What you need to know:
- Cases of corruption are common place in the oil and gas sector. But what are some of the global cases that could provide lessons to Uganda?
It is not a secret that in the past some government officials have controversially contracted companies to execute highly profitable deals.
Depending on how you view it, government officials and oil companies may have underlying interests and pressures, some of which might include self-gain or fronting the interest of allies.
Companies, on their part, may be incentivised to manipulate award proceedings to gain favour.
Corrupt schemes in oil and gas can involve usage of complicated transactions, legal jargons and secret offshore jurisdictions.
Therefore, in this article, we shall examine ‘red flags’ that are schemes of corruption in the award of extractive sector licenses and contracts.
The red flags touch real-world cases documented by the National Resource Governance Institute, which could perhaps help Uganda to secure the oil sector against corruption.
Nigerian National Petroleum Corporation sales to oil trading “brief cases”
In some sectors, unqualified shell companies are regularly inserted into certain deals as a tool for distributing patronage.
For years, Nigeria’s National Oil Company sold large portions of crude oil production to unqualified companies, often referred to locally as “briefcase companies.”
These are small, little-known intermediary firms, typically connected to a political heavyweight, that lack the financial and operational wherewithal to sell oil.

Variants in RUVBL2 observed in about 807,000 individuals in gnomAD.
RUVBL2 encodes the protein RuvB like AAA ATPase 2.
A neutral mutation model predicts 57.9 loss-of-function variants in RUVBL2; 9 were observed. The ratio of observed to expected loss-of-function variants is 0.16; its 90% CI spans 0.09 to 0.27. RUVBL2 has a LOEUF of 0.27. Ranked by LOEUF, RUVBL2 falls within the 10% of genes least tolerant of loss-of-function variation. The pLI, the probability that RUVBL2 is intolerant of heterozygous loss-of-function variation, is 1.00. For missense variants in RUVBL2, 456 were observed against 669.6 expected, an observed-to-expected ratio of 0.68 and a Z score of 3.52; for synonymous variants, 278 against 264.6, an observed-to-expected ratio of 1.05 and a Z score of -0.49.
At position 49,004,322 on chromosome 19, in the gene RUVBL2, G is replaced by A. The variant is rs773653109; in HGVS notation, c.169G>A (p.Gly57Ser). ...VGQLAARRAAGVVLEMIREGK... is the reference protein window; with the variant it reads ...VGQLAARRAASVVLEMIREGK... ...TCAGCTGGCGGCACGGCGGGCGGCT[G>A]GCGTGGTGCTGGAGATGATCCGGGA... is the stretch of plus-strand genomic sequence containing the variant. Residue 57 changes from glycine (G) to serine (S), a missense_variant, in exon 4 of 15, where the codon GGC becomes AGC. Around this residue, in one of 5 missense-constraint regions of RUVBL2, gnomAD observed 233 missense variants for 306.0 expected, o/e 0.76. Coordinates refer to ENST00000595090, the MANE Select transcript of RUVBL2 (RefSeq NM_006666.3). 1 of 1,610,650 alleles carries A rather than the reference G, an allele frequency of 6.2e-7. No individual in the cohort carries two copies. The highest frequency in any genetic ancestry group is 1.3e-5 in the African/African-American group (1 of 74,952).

Instead they re-sell, or ‘flip’ the oil they receive to larger, more experienced commodity traders, and collect a margin on the sale.
A 2012 Nigerian government task force noted that many buyers of the country’s oil “did not demonstrate known expertise in the business of crude oil trading” and had “little or no commercial and financial capacity”.
A 2015 National Resource Governance Institute research found that some of the briefcase companies were used to channel payments to Nigerians, and sometimes foreigners.
The funds - estimated in 2013 at the higher end of $0.25- $0.40 per barrel - could potentially have been captured by the Nigerian state.
The companies, therefore, were used as corrupt patronage schemes, rather than value drivers to commercial transaction.
Nigerian National Petroleum Corporation oil for product swaps
A second scenario of fraud and corruption involves a company or an individual with a history of controversy or criminal behavior who competes for, or wins, an award.
A company involved in the award process, or an individual with ownership interest, has a reputation for, or a record of participation in corruption or other misconduct.
This could suggest that the company or individual has a propensity to engage in problematic business practices, or that officials treat them with favoritism.
Of course, some companies may be wrongly accused. Therefore, the level of scrutiny on this particular red flag should depend on factors such asreliability of the evidence or how often the company or individual has been accused.
In this case, several companies won contracts after they were publicly implicated in earlier scandals.
Starting in 2010, Nigeria’s petroleum corporation sold 210,000 barrels per day of crude through oil-for-refined-product swap deals with private trading companies.
In 2012, three of the companies that held these contracts were implicated in a $6.8b fuel subsidy scandal.
A government committee ultimately cleared two of the accused, although alleged abuse of the subsidy scheme through using counterfeit or falsified documentation to acquire unjustified large subsidy, were not cleared.